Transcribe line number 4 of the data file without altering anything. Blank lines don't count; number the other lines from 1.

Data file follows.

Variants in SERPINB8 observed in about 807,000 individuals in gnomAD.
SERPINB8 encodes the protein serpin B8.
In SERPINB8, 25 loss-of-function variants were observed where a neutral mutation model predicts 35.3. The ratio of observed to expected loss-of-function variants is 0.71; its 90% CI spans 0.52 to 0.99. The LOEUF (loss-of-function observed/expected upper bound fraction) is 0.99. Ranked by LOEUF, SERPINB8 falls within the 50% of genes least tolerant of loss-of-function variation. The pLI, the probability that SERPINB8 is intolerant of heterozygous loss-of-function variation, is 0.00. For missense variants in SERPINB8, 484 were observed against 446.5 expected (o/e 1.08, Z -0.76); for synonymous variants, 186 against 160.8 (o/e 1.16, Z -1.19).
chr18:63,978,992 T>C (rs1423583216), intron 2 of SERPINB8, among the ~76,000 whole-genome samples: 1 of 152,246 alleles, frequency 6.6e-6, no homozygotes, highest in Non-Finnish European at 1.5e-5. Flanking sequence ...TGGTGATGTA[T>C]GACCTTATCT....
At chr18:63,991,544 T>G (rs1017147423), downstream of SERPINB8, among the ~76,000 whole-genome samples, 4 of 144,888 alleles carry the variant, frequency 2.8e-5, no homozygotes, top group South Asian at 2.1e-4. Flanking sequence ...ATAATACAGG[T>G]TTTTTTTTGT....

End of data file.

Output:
chr18:63,978,992 T>C (rs1423583216), intron 2 of SERPINB8, among the ~76,000 whole-genome samples: 1 of 152,246 alleles, frequency 6.6e-6, no homozygotes, highest in Non-Finnish European at 1.5e-5. Flanking sequence ...TGGTGATGTA[T>C]GACCTTATCT....